Millions of people worldwide are experiencing a gambling disorder.  Like all behavioral addictions, it only affects a small fraction of people who participate in games of chance, with most gamblers able to gamble from time to time casually, without a pathological response. 

There is help available in the form of counseling and even medication, but there isn’t a simple solution to overcome a gambling disorder. And, because of the negative stigma associated with pathological gaming, many sufferers are reluctant to admit they have a problem.

What Is a Gambling Disorder?

A gambling disorder is a compulsive behavior that leads people to gamble excessively and often uncontrollably. Gambling involves risk-taking and excitement, which makes it appealing to certain people. When the addiction takes control, it can drive the gambler to the point of financial ruin.

If you spend increasing amounts of time on gambling, or you know you’re overspending, it may be a good idea to seek help immediately by calling 1-800-GAMBLER (1-800-426-2537).

As with other addictive behaviors, gambling addictions can be difficult to acknowledge and resolve. That is why it’s recommended that you seek the help of a mental health professional.

Recognizing the Signs of a Gambling Addiction

If you suspect that you or a family member has a gambling addiction, there are a few signs that are common among people struggling with the disorder. Check for the following symptoms:

  • You’re spending more time, or your loved one spends more time, gambling. This may be at a casino or online.
  • You or a family member is neglecting responsibilities. This includes missing work, canceling plans, or forgetting some of your obligations.
  • You or a loved one is spending more money than planned on gambling.
  • Your (or your loved one’s) gambling losses are negatively impacting your ability to purchase daily essentials.

If you notice your family member has developed any of the above habits, speak to a mental health professional for advice. The first step is to acknowledge the problem, and a professional counselor can help you approach family member about their own addiction. 

They will give recommendations, for instance, if you are confronting a family member, you don’t want to sound judgmental. Your goal is to express concern and see how you can help and support them.

Tips for Helping a Family Member or Yourself

If you or someone you know has a gambling problem, you may be wondering where to seek help or what to do. The following ideas may be of assistance:

  • Once you admit there is a problem, it is easier to take the steps to change. Admit to yourself ,or help your family member acknowledge the trauma or emotional strain that gambling has caused.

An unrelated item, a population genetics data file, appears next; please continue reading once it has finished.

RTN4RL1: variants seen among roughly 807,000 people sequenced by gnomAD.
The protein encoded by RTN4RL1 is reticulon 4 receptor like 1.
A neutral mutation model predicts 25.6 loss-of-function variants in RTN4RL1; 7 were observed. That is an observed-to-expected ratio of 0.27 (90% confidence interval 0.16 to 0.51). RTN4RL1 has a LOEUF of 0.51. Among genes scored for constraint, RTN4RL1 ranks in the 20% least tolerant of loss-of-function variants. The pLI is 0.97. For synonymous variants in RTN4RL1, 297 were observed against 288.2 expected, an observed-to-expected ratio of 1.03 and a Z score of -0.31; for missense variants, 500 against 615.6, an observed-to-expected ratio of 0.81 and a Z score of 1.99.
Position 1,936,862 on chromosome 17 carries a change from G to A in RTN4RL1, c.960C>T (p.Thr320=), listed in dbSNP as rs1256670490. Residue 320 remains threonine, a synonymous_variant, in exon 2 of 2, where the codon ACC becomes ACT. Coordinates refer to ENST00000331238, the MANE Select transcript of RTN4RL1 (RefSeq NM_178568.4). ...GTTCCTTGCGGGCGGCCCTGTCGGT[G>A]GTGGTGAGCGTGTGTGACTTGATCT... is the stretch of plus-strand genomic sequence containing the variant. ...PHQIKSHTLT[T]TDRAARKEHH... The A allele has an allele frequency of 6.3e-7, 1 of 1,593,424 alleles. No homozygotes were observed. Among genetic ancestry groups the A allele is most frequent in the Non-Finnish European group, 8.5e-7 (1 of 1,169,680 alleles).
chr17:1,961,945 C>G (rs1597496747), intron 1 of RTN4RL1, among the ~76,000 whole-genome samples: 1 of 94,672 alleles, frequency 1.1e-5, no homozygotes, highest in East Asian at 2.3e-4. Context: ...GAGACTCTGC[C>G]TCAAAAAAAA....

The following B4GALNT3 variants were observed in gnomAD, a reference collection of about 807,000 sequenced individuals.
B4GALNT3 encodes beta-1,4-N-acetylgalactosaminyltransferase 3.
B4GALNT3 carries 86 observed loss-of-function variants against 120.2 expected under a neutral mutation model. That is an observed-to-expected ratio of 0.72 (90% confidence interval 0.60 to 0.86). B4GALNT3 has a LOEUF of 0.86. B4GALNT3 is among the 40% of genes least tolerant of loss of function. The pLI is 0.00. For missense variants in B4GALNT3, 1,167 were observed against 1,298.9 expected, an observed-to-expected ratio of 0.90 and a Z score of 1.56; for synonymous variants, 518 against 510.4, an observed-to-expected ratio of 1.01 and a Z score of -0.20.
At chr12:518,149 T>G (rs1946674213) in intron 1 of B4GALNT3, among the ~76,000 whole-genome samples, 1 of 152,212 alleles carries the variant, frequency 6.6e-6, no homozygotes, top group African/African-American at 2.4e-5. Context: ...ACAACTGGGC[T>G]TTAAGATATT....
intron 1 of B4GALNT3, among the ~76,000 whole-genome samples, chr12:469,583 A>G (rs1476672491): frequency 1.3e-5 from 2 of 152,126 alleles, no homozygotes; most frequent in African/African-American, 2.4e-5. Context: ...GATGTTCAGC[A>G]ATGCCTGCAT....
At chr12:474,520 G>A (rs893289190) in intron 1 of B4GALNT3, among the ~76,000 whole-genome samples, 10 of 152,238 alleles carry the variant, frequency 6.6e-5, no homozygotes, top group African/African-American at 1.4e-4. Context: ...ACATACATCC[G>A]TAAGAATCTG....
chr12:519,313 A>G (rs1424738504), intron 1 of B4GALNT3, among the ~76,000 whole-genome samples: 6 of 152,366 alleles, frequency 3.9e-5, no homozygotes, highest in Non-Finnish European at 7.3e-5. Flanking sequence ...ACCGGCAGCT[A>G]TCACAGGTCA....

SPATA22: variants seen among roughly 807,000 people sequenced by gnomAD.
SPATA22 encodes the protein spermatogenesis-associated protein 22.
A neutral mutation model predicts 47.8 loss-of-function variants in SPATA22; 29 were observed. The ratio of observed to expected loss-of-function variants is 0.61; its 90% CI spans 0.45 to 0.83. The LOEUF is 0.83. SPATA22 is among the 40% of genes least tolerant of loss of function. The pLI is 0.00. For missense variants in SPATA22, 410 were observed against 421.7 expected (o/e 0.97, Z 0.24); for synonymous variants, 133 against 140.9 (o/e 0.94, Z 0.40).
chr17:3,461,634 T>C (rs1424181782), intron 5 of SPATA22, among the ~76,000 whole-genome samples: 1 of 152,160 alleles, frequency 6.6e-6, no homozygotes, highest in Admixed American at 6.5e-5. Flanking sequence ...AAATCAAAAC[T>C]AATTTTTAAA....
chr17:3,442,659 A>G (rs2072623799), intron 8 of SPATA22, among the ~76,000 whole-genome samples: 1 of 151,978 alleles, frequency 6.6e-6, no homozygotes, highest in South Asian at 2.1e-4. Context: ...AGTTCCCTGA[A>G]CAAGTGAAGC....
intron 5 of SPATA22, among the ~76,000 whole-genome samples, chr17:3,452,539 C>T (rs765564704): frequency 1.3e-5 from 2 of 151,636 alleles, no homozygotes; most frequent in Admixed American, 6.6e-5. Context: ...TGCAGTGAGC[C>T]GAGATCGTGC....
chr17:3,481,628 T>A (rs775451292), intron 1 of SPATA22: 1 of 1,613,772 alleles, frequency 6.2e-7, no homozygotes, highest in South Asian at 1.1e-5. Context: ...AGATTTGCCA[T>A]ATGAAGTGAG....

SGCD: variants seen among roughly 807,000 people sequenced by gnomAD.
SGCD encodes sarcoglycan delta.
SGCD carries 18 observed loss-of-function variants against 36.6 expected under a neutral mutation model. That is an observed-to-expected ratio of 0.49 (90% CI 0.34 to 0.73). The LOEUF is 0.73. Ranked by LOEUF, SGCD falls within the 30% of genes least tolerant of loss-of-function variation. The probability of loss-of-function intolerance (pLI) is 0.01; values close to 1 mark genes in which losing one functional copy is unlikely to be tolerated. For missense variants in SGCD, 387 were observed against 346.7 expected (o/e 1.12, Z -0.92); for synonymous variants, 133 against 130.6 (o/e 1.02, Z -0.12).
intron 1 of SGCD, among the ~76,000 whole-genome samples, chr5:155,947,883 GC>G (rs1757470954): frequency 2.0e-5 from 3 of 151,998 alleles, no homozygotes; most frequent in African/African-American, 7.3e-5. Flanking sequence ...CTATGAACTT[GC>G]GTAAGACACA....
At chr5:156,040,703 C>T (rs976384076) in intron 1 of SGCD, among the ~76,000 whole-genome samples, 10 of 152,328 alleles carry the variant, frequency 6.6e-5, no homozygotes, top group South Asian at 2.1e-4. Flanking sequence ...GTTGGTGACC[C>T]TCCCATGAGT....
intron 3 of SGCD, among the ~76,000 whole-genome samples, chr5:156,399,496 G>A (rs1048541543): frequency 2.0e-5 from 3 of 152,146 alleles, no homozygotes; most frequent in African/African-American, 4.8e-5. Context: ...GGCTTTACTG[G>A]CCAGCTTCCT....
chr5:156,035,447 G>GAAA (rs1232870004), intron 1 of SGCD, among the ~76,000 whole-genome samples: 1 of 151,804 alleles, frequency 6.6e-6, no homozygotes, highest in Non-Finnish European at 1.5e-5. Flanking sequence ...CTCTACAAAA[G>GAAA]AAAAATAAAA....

• If gambling has led to financial hardship, or you’ve depleted your savings, or even turned to theft, start attending a 12-Step support group to get the  guidance of others who are recovering from a gambling disorder. This might mean turning your budget over to someone you trust, cutting up credit cards, and keeping only enough money around for small purchases.
  • You should also close gambling accounts online and completely stay away from places like casinos or racetracks that tempt you to gamble.
  • When you feel the urge to gamble, take a moment to think about what is leading you to feel that way. Have a planned activity that will distract you.

Getting Help of the Behavioral Health System

Don’t just go it alone, whether you’re trying to help yourself or a friend. In the behavioral health field, we have more tools than ever before to help those who are struggling with a gambling disorder. 

The treatments used to stop gambling are like therapies used for other addictions. Programs usually include support group activities and counseling. A doctor may also prescribe medicines to curb cravings or to reduce feelings of depression or anxiety.

Getting Help of the 12-Step Recovery Community

Reach out to the Gamblers Anonymous support group to attend one of their free meetings. Participants in Gamblers Anonymous (“GA”) meetings will dedicate their time to helping you, because it helps their own recovery. If you also have substance abuse issues, that is quite common, and these recovering participants will help you address your substance abuse issues as well.


Gambling addictions can be difficult to overcome, but now is a better time than ever before to seek help. If you’re currently struggling with the problem, call the hotline mentioned above and/or attend one of the 12-Step GA meetings. Don’t put off seeking assistance. The sooner you begin, the sooner you will be in recovery.